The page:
My daughter is generation Y and is more comfortable with texting than phone calls. I’ve found that if I text her and ask her to call me, she will. If I just call, it goes to voicemail. My grandkids use Facetime (Apple girls based on their college-professor father’s technology preferences.) They rarely use a phone for its original purpose. I think they text with their friends, but not so much with us because they know we are old school.

~ Jim

Warren Bull said...

If the phone rings late at night I wonder why someone is calling and I suspect it is bad news.

Margaret S. Hamilton said...

If the landline rings after 11pm, it's bad news from one of the kids, who know we leave our cell phones in the kitchen at night. One night, it was a wrong number call,a crazy-scared kid trying to call his mama to spring him from the emergency room of a Cincinnati hospital.

I called the hospital ER and explained the situation. They searched the place and called me in the morning to tell me they had never found the kid.

Sarah Henning said...

Jim, you sound exactly like my parents and all their friends with their kids. You're not alone!

Margaret, that's a crazy story. I wonder what happened to him!

Gloria Alden said...

I don't have a smart phone, and only a small tracfone because my kids insisted I get something when I walk in the woods or drive somewhere. Only my 3 kids have the number so most of the calls I get on that are annoying promotional calls from tracfone wanting to sell something, I think it's from them,because I don't recognize the number. So I don't text. I'd much rather hear a real voice - exept for those robo calls - even though sometimes it is bad news. Fortunately, it rarely is. The only calls I get after 11:00 p.m. are almost always a wrong number. Personally, I can't imagine anything more annoying than hearing that constant little beep signalling an incoming text when I'm walking in the woods. I find it annoying when I'm with someone, who feels the need to constantly check their phone, too, unless it's for a real reason.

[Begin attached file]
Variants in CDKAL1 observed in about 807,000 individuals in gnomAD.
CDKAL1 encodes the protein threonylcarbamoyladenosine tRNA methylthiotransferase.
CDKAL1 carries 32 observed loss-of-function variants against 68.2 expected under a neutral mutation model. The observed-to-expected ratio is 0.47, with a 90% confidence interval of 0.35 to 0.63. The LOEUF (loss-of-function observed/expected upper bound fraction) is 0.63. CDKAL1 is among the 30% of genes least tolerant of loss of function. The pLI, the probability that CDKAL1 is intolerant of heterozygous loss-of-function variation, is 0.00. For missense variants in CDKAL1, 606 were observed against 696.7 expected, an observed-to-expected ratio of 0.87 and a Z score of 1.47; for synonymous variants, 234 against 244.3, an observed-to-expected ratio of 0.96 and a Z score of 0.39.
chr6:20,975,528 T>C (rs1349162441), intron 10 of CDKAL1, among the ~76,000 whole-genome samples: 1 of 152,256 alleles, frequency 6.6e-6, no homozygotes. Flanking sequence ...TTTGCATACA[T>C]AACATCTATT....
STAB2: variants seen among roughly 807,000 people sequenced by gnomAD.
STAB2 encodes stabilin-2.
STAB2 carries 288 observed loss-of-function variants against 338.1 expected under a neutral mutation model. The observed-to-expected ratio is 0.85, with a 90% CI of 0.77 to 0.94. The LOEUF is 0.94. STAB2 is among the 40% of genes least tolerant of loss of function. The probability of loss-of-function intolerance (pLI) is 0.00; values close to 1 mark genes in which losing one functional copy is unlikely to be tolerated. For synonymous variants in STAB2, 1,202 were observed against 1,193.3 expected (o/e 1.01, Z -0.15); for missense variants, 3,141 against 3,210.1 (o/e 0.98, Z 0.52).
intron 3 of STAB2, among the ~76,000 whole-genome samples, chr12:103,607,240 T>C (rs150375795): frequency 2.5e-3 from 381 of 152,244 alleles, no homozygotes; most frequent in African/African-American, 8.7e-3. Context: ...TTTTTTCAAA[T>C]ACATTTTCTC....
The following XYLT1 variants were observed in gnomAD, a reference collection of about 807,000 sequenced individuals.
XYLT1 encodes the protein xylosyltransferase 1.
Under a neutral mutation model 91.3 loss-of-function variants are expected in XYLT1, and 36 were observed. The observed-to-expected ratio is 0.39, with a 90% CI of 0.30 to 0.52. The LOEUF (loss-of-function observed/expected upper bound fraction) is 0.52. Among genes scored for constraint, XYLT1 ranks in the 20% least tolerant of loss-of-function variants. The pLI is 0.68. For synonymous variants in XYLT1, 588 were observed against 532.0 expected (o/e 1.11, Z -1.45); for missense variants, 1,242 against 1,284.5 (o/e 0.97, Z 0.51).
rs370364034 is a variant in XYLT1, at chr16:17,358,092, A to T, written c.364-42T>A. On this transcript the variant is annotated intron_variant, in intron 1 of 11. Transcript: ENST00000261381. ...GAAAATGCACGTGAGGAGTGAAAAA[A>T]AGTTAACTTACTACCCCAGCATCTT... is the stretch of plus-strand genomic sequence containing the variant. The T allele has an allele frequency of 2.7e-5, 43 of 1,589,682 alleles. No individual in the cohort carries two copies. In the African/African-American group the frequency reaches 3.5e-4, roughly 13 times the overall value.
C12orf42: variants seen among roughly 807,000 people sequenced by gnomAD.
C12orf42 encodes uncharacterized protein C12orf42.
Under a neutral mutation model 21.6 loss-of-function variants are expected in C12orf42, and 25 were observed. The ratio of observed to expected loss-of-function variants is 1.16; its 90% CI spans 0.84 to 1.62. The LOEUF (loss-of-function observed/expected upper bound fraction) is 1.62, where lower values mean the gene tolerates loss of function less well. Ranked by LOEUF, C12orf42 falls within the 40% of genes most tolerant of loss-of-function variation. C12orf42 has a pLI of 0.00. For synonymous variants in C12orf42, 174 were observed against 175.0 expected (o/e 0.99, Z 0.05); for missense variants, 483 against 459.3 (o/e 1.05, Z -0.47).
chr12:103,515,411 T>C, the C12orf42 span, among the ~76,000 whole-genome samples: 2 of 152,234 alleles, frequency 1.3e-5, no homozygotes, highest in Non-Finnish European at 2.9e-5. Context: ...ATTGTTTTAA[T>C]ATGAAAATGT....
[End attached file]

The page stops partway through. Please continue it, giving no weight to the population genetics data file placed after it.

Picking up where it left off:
Kait said...

Wonderful post. Sent me back to my days as the proud teenage owner of a Princess phone. OK, those who know, raise your hands! Age and experience seemed to play a part in the ringing phone reaction in those days. In these days of text don't dial, it must be a very different world. Quick, short, fun, and sometimes snipey, things come by text. The sound of a ringing (chiming, rapping, whatever) cell does portend fear. What is it that has to be said voice to voice, or that shouldn't be said in print. It's a whole different world. But there is one advantage...the called usually knows who the caller is! I admit, I'm still a voice to voice person for most things. My texts seem to be relegated to pick up milk. For most everything else, I want to hear the nuances that text can't accommodate. But I think the most fearful sound for any parent is the sound of a ringing phone when your kids are not home. True anxiety!

E. B. Davis said...

My characters phone and text, which is what I do. My daughter always texts--a good thing in the middle of the night so it doesn't wake up the whole house. The weird thing is that my son and I tend to email each other--don't know why. My husband and I mostly call, but occasionally when he is at a jobsite and doesn't want prying ears, he texts. But a friend of mine always texts--which bugs me. She's almost as old as I am. Why doesn't she just call! When it's my kids, I tolerate it. But friends of advanced age should call. I always feel like we're adolescents texting each other. Talking conveys so much more by tone of voice, inflection, etc. My daughter sometimes uses those emoticon things, which I hate!

Kara Cerise said...

It's usually bad news when my phone rings after 11 pm. But sometimes a friend who lives in an earlier time zone will forget about the time difference and call. I've learned to take a deep, calming breath before I answer the phone at night.

Some of my historical characters use the telegraph. It's interesting to me that the abbreviations they used over 100 years ago are similar to abbreviations used in today's text messages.

KM Rockwood said...

I don't get reliable cell phone service where I live, so I never bothered to get much of a cellphone. I do have a cheapie trac phone for emergencies--if I walk to a high point, I can usually pick up a signal.

I do email quite a bit. For one thing, the recipient doesn't need to be immediately available, and I can read the e-mail before I send it off to make sure I haven't inadvertently said anything inflammatory.

It's only been a little over a year since I retired from teaching at an alternative high school. I have always been struck by how people assume all kids have cell phones, when most of my students did not. Or computers. Some of them didn't have telephones in their homes, and in some cases, they had no electricity.

Yet the school system persisted in assuming everyone has internet access, everyone can make and receive phone calls, etc.

This puts already disadvantaged kids at even more of a disadvantage. They usually don't want to admit they don't have access to these things, so they act like they don't care, and often act out when the question arises.